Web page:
Proper installation plays a big role in maximizing the performance of marine radar domes. So, if you’re considering installing a new solid-state dome radar aboard your boat or checking out the install aboard a boat you are buying, keep these factors in mind.
To perform effectively, mount the radar dome high enough to give it an unfettered, level and full-circle view of the horizon, but not so high as to be adversely affected by the boat’s pitching and rolling. The most common way of achieving this elevation on center console, express cruiser and walkaround cuddy models is to install the dome on a hardtop or T-top. On runabouts, mounting the dome on a radar arch fills the bill. The higher the elevation, the greater the radar range, but too much elevation can hamper close-in performance because the beam will shoot over targets rather than at them.
The radar should be installed so that it’s level while the boat is underway. The bow angle is often greater when the boat is running at speed than when it’s at rest. So, if you mount the dome level with the boat at rest, the radar beam will be aimed upward while underway. To find the correct angle, use an inclinometer or app such as TiltMeter to determine the average bow angle at cruising speed for your boat. Use a wedge adapter to tilt the forward portion of the dome downward to compensate for bow rise. Seaview offers wedges of 2, 4 and 6 degrees ($59.50, iboats.com).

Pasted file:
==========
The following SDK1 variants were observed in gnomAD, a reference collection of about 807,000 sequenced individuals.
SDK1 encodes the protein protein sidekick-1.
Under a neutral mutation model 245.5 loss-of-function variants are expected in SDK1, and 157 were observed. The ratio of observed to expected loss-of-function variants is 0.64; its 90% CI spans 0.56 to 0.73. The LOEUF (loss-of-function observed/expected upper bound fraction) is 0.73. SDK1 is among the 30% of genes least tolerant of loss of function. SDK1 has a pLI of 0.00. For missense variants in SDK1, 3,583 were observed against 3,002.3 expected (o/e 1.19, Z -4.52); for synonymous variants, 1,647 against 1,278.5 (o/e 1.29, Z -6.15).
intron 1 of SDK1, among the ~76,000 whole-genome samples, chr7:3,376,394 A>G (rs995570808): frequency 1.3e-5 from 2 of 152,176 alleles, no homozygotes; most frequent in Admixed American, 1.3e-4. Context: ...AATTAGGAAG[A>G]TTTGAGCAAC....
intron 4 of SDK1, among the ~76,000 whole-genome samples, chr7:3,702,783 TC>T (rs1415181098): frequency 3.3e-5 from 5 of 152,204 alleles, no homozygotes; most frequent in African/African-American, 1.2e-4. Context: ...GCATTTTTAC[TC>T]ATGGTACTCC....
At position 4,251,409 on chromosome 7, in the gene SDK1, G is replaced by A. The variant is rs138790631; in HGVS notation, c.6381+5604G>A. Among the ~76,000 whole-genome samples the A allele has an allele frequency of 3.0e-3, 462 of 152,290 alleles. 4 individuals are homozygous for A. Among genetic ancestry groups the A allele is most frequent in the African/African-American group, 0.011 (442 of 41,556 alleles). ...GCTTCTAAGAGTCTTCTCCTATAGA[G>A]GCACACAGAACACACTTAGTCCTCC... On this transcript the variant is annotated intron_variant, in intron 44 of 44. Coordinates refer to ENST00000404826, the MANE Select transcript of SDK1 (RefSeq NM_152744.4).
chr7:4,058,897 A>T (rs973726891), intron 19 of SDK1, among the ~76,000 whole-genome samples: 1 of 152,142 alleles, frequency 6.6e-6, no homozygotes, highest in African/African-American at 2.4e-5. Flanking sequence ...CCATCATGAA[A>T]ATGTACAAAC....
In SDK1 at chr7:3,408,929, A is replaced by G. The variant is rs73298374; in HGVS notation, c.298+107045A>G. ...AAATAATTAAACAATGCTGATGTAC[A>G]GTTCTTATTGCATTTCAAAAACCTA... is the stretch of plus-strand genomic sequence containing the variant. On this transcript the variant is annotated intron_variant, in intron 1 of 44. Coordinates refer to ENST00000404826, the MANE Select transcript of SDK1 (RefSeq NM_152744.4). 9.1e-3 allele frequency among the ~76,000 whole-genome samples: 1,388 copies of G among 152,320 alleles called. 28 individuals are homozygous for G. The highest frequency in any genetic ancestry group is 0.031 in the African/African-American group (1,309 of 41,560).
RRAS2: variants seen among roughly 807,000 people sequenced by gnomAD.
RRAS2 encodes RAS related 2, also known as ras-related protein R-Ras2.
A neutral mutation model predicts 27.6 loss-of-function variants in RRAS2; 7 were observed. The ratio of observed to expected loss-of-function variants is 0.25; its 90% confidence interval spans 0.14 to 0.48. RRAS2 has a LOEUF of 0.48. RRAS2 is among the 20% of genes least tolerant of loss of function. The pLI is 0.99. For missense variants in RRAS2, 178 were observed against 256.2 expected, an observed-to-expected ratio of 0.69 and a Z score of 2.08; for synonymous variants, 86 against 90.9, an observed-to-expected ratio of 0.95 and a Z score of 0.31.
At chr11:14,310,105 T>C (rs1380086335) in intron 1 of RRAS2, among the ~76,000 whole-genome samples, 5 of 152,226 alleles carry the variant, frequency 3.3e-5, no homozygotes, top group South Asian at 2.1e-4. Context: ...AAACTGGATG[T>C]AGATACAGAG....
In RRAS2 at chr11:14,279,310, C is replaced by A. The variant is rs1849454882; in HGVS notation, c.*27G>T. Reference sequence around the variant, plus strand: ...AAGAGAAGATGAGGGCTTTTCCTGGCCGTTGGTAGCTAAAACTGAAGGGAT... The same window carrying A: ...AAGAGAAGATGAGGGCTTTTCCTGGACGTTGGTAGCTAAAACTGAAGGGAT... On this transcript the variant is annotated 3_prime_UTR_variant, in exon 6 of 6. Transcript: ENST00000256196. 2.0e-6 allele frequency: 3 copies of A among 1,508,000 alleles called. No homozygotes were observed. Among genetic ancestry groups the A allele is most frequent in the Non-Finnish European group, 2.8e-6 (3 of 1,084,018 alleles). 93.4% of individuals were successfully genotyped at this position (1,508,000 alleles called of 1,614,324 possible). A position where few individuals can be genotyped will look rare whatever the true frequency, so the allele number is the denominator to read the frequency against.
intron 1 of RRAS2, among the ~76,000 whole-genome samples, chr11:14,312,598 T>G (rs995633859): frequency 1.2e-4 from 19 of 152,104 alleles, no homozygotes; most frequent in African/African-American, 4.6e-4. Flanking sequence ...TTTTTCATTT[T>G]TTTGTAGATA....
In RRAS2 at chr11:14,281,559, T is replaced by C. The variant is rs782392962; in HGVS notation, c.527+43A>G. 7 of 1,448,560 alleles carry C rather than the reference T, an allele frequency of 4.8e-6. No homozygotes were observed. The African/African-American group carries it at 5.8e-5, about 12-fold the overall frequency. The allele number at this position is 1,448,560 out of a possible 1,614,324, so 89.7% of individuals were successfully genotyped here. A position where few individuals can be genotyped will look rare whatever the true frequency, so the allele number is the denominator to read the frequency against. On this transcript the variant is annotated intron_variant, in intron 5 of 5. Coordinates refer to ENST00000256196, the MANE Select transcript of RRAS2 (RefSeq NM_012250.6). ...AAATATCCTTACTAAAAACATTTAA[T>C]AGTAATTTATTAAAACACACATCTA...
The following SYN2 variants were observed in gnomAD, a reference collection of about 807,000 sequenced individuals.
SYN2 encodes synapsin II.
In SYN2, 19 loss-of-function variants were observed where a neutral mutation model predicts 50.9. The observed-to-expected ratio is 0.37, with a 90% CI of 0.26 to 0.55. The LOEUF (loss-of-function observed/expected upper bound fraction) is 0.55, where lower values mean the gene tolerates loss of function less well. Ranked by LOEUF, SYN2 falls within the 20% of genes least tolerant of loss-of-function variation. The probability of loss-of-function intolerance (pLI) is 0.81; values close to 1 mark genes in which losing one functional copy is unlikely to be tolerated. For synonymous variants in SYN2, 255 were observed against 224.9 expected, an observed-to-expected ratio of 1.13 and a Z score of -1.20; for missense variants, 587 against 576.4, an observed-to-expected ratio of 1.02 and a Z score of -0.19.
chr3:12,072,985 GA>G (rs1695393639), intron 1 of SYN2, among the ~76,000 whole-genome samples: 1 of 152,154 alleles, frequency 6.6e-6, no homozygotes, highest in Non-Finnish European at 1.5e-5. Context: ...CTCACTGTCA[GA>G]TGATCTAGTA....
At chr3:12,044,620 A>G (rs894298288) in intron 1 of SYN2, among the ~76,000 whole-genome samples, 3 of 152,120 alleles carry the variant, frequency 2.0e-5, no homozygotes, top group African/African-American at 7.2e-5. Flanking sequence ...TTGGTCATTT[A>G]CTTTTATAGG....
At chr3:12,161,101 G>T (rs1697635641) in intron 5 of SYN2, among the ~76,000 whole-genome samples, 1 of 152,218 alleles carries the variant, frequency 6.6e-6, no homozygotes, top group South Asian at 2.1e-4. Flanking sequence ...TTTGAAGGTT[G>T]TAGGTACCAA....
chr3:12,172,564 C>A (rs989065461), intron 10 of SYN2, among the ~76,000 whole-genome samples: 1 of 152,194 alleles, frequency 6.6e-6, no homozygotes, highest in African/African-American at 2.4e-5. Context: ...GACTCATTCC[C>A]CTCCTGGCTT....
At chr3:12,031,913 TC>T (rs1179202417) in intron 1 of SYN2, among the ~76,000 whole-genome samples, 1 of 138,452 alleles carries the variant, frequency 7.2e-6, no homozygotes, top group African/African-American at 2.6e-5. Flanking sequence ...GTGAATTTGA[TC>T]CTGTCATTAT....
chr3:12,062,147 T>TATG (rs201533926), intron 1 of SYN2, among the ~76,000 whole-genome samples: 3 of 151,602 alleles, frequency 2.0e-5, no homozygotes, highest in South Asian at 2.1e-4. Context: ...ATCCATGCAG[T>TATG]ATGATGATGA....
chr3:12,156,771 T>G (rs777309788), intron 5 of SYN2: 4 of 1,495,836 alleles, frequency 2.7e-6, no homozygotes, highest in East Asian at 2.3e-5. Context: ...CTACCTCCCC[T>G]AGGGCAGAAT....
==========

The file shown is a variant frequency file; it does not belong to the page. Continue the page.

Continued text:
Today’s solid-state marine radars are so sensitive, they can detect objects that are just an arm’s length away, including onboard elements such as the outer edges of your hardtop. Either install the dome near the forward edge of the top or mount the dome on a pedestal such as the Edson Vision Series 6-inch radar mount ($180.95, starmarinedepot.com) or the Scanstrut 6-inch PowerTower ($199.52, hodgesmarine.com). Note: You might need a taller pedestal for extra-wide hardtops.
Avoid mounting your new dome radar on the same horizontal plane as a second radar scanner, as the two radars systems can interfere with each other; a conventional-type magnetron radar can actually damage a solid-state scanner in this configuration. The same holds true for a GPS antenna — it should not be within the horizontal beam width of the radar scanner. Mount the GPS antenna so that it’s either below or above the beam. It’s best to check the owner’s manual and call the manufacturer before drilling holes.
Solid-State Dome Radar Models
Here are six examples of today’s compact, solid-state dome radar models. Check the manufacturers’ websites for compatible displays.
Brand/Model | Diameter (in.) | Weight (lb.) | Max Range (nm) | Price
Furuno DRS4D-NXT Doppler | 24 | 16.1 | 36 | $2,095.00
Garmin Fantom 18 MotionScope Doppler | 18 | 12.3 | 48 | $1,999.99
Humminbird HB2124 Chirp Wireless | 21 | 12.3 | 24 | $1,799.99
Lowrance 4G Broadband | 19.3 | 16.3 | 36 | $1,899.00
Raymarine Quantum Chirp Wireless | 18 | 12.3 | 24 | $1,699.99
Simrad 4G Broadband | 19.3 | 16.3 | 36 | $1,999.00